Editor implores passion in poor economy

IUS Horizon

A beautiful home, multiple vehicles, annual vacations and overall financial stability are what Americans have referred to as “the dream” for years.

The idea of the “American dream” was originally the promise of the possibility of prosperity and success for everyone, regardless of social class or circumstances of birth.

Throughout history, “the dream” has been altered to fit modern times and society’s standards.

It has also been known to include the opportunity for children to grow up and receive a good education and career without any barriers.

With the decline of the economy came traumatic job losses, home foreclosures and an extreme amount of budget cuts, especially within education budgets.

Now, college students are not only encountering struggles trying to enter the job market, but, before they are even granted approval to enter the professional world, they are up to their eyeballs in debt from student loans.

This doesn’t sound quite like the “American dream” our great-grandparents hoped would be bestowed upon us.

The job market is more competitive than ever, and bright-eyed, hopeful college students are being forced to learn various skills and take general classes — that have nothing to do with their major— just to have some type of advantage over another promising college graduate.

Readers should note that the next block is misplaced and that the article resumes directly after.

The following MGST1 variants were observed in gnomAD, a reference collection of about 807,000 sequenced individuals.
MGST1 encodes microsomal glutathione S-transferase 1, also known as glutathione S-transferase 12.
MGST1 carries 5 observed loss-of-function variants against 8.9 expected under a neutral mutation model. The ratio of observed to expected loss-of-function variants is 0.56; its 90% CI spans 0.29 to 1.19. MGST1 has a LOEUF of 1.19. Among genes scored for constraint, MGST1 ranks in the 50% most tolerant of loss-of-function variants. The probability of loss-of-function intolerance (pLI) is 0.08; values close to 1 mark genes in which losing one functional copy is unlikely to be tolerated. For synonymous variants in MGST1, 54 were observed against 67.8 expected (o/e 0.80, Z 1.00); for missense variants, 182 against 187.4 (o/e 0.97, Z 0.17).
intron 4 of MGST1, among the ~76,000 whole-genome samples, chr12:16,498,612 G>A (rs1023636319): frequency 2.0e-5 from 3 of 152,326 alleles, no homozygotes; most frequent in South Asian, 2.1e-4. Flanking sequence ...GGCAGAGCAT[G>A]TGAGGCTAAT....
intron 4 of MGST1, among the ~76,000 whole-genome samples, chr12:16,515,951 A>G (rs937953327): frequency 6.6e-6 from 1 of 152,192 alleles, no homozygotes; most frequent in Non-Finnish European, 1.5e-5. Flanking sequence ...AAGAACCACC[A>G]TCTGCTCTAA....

There is nothing wrong with being a well-rounded individual with extensive knowledge.

However, could the government throw extra grants our way to pay for these general-education, character-building classes?

Another devastating product of the economy is the fact that the passion of Americans is dying.

I rarely encounter anyone in the professional workforce that even enjoys their occupation, much less adores it.

I hope I never have to wake up each morning to go work somewhere that does not satisfy me or spark my desire to reach my highest potential.

People are more focused on paying their bills while working reluctantly for a job that makes them an economic zombie than discovering their passion and purpose in life.

What is the purpose of living life if you are unsatisfied with it?

Life-long dreams are what make life worth living.

When I see my peers who know exactly what they want to do in life and are excited, I become motivated too.

It is unfortunate that people feel it necessary, and even crucial, to sacrifice their passion for mediocre satisfaction just to pay bills.

I have met so many creative people who have wonderful aspirations, but fear pursuing them because it may not be a financially secure investment.

Money should never be a setback for anyone when pursuing ambitions.

Once a person is able to discover their special talent, ability or purpose, they should cease this opportunity and find a suitable career that will help them be the person they were meant to be.

Although my generation and those after me may be threatened with a poor economy, I am still optimistic for the   future.

The moment I am fortunate enough to discover my purpose and passion, nothing, not even the economy, will have anything on me.

By COURTNEY MCKINLEY

Features Editor

comckinl@imail.iu.edu